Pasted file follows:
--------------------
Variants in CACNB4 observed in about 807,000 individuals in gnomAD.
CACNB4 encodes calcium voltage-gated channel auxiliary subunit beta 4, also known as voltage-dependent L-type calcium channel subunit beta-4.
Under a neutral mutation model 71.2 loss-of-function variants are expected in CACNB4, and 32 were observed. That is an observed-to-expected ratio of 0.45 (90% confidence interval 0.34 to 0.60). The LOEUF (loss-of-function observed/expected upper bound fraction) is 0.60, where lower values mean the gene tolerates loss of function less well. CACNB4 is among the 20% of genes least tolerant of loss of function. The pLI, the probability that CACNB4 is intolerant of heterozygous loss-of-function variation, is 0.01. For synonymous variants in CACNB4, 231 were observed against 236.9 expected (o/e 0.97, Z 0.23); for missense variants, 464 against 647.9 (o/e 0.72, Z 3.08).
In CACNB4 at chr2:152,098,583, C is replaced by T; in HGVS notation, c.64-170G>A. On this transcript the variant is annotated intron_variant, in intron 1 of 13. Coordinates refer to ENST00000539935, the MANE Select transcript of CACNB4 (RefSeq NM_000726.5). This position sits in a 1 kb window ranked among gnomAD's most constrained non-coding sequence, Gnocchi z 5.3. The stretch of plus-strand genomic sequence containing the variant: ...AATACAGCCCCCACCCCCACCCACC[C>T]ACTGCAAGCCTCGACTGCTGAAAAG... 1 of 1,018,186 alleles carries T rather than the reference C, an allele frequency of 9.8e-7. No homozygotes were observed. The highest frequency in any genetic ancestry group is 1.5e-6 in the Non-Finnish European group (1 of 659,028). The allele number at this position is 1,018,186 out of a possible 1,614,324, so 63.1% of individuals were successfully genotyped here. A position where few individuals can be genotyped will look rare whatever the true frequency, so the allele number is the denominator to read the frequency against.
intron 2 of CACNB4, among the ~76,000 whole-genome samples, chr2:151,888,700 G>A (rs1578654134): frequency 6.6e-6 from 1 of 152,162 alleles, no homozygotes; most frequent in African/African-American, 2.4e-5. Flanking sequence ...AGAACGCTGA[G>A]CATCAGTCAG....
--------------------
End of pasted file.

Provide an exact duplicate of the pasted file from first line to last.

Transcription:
Variants in CACNB4 observed in about 807,000 individuals in gnomAD.
CACNB4 encodes calcium voltage-gated channel auxiliary subunit beta 4, also known as voltage-dependent L-type calcium channel subunit beta-4.
Under a neutral mutation model 71.2 loss-of-function variants are expected in CACNB4, and 32 were observed. That is an observed-to-expected ratio of 0.45 (90% confidence interval 0.34 to 0.60). The LOEUF (loss-of-function observed/expected upper bound fraction) is 0.60, where lower values mean the gene tolerates loss of function less well. CACNB4 is among the 20% of genes least tolerant of loss of function. The pLI, the probability that CACNB4 is intolerant of heterozygous loss-of-function variation, is 0.01. For synonymous variants in CACNB4, 231 were observed against 236.9 expected (o/e 0.97, Z 0.23); for missense variants, 464 against 647.9 (o/e 0.72, Z 3.08).
In CACNB4 at chr2:152,098,583, C is replaced by T; in HGVS notation, c.64-170G>A. On this transcript the variant is annotated intron_variant, in intron 1 of 13. Coordinates refer to ENST00000539935, the MANE Select transcript of CACNB4 (RefSeq NM_000726.5). This position sits in a 1 kb window ranked among gnomAD's most constrained non-coding sequence, Gnocchi z 5.3. The stretch of plus-strand genomic sequence containing the variant: ...AATACAGCCCCCACCCCCACCCACC[C>T]ACTGCAAGCCTCGACTGCTGAAAAG... 1 of 1,018,186 alleles carries T rather than the reference C, an allele frequency of 9.8e-7. No homozygotes were observed. The highest frequency in any genetic ancestry group is 1.5e-6 in the Non-Finnish European group (1 of 659,028). The allele number at this position is 1,018,186 out of a possible 1,614,324, so 63.1% of individuals were successfully genotyped here. A position where few individuals can be genotyped will look rare whatever the true frequency, so the allele number is the denominator to read the frequency against.
intron 2 of CACNB4, among the ~76,000 whole-genome samples, chr2:151,888,700 G>A (rs1578654134): frequency 6.6e-6 from 1 of 152,162 alleles, no homozygotes; most frequent in African/African-American, 2.4e-5. Flanking sequence ...AGAACGCTGA[G>A]CATCAGTCAG....